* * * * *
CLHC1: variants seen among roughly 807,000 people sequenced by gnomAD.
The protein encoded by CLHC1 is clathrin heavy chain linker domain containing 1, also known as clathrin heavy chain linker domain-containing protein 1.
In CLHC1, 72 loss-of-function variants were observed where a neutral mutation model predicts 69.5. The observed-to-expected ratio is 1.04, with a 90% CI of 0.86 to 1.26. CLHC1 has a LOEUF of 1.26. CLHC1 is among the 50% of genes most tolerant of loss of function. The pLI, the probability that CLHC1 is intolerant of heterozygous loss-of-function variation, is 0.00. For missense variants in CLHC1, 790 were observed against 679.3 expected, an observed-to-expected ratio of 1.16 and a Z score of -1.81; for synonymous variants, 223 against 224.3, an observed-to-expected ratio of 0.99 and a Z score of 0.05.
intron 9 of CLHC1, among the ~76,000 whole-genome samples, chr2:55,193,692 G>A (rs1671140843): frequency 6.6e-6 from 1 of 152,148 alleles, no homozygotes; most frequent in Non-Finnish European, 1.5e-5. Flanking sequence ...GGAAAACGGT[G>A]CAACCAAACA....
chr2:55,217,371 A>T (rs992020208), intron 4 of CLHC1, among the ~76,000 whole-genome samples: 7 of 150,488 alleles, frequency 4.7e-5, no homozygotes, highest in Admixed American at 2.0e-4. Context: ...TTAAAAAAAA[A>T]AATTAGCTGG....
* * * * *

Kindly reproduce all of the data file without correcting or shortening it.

CLHC1: variants seen among roughly 807,000 people sequenced by gnomAD.
The protein encoded by CLHC1 is clathrin heavy chain linker domain containing 1, also known as clathrin heavy chain linker domain-containing protein 1.
In CLHC1, 72 loss-of-function variants were observed where a neutral mutation model predicts 69.5. The observed-to-expected ratio is 1.04, with a 90% CI of 0.86 to 1.26. CLHC1 has a LOEUF of 1.26. CLHC1 is among the 50% of genes most tolerant of loss of function. The pLI, the probability that CLHC1 is intolerant of heterozygous loss-of-function variation, is 0.00. For missense variants in CLHC1, 790 were observed against 679.3 expected, an observed-to-expected ratio of 1.16 and a Z score of -1.81; for synonymous variants, 223 against 224.3, an observed-to-expected ratio of 0.99 and a Z score of 0.05.
intron 9 of CLHC1, among the ~76,000 whole-genome samples, chr2:55,193,692 G>A (rs1671140843): frequency 6.6e-6 from 1 of 152,148 alleles, no homozygotes; most frequent in Non-Finnish European, 1.5e-5. Flanking sequence ...GGAAAACGGT[G>A]CAACCAAACA....
chr2:55,217,371 A>T (rs992020208), intron 4 of CLHC1, among the ~76,000 whole-genome samples: 7 of 150,488 alleles, frequency 4.7e-5, no homozygotes, highest in Admixed American at 2.0e-4. Context: ...TTAAAAAAAA[A>T]AATTAGCTGG....